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31 Oct 2018 - 02 Nov 2018
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Novel Bacterial Inhibitor Blocks Lysozyme Activity in Model

By BiotechDaily International staff writers
Posted on 18 Jul 2018
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Image: This photomicrograph reveals the histopathology in an acute case of gonococcal urethritis using Gram-stain technique. This slide demonstrates the non-random distribution of gonococci among polymorphonuclear neutrophils. Note that there are both intracellular and extracellular bacteria in the field of view (Photo courtesy of the CDC).
Image: This photomicrograph reveals the histopathology in an acute case of gonococcal urethritis using Gram-stain technique. This slide demonstrates the non-random distribution of gonococci among polymorphonuclear neutrophils. Note that there are both intracellular and extracellular bacteria in the field of view (Photo courtesy of the CDC).
A team of molecular microbiologists has identified a mechanism by which certain bacteria – in particular the Gram-negative pathogen Neisseria gonorrhoeae – avoid lysozyme destruction.

Lysozyme, also known as muramidase or N-acetylmuramide glycanhydrolase is an antimicrobial enzyme produced by animals that forms part of the innate immune system. Lysozyme is a glycoside hydrolase that catalyzes the hydrolysis of 1,4-beta-linkages between N-acetylmuramic acid and N-acetyl-D-glucosamine residues in peptidoglycan, which is the major component of gram-positive bacterial cell wall. This hydrolysis in turn compromises the integrity of bacterial cell walls causing lysis of the bacteria.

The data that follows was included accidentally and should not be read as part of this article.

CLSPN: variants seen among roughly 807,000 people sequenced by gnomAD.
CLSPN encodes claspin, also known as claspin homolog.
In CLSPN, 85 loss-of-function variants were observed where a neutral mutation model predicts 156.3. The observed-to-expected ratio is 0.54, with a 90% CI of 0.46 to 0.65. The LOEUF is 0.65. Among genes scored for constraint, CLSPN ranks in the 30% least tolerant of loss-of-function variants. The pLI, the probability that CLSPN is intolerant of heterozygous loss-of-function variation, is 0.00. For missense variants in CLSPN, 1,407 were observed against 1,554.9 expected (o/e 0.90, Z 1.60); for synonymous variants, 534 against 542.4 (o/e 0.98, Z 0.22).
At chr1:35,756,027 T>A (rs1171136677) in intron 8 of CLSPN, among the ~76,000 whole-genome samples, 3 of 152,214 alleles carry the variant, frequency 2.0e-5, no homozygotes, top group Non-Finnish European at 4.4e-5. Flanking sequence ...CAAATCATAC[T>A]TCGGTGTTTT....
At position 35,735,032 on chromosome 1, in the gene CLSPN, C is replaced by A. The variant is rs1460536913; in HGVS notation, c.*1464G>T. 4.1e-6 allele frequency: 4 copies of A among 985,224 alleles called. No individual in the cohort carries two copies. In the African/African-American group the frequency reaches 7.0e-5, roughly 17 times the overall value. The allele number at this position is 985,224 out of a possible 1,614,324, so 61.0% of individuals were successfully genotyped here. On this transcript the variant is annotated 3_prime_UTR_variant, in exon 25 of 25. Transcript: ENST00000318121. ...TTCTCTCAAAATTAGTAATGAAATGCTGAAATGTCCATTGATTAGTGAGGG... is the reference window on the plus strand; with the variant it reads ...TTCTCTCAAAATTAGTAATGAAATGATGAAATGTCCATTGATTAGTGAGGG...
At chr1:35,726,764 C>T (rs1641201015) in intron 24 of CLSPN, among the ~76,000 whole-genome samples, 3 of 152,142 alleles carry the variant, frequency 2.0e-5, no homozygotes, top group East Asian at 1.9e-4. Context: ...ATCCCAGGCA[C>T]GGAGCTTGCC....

Lysozymes are ubiquitous as the first line of immune defense against microbes in animals. They exert bactericidal action through antimicrobial peptide activity and peptidoglycan hydrolysis. Gram-negative bacteria developed several weapons to battle lysozymes, including inhibitors of c-type lysozymes in the MliC/PliC family and the Neisseria adhesin complex protein (ACP). Until the recent discovery of ACP, no proteinaceous lysozyme inhibitors were reported for the genus Neisseria, including the important human pathogen N. gonorrhoeae.

Investigators at Oregon State University (Corvallis, USA) have changed this picture. In a paper published in the July 5, 2018, online edition of the journal PLOS Pathogens, they described a previously unrecognized gonococcal virulence mechanism involving a protein encoded by the open reading frame ngo1063 that acted to counteract c-type lysozyme and provided a competitive advantage to the microorganism in a gonorrhea mouse model. They named this protein SliC for "surface-exposed lysozyme inhibitor of c-type lysozyme."

Although SliC displayed low overall primary sequence similarity to the MliC/PliC inhibitors, it was found to have a parallel inhibitory mechanism. The investigators showed that SliC was a surface-displayed lipoprotein in N. gonorrhoeae and, through its lysozyme-blocking function, played a critical role in colonization of genital tract mucosae during infection in the female gonorrhea mouse model.

"The infections very often are silent," said senior author Dr. Aleksandra Sikora, assistant professor of pharmacy at Oregon State University. "Up to 50% of infected women do not have symptoms, but those asymptomatic cases can still lead to some very severe consequences for the patient's reproductive health, miscarriage or premature delivery. This is the first time an animal model has been used to demonstrate a lysozyme inhibitor's role in gonorrhea infection. Together, all of our experiments show how important the lysozyme inhibitor is. This is very exciting."

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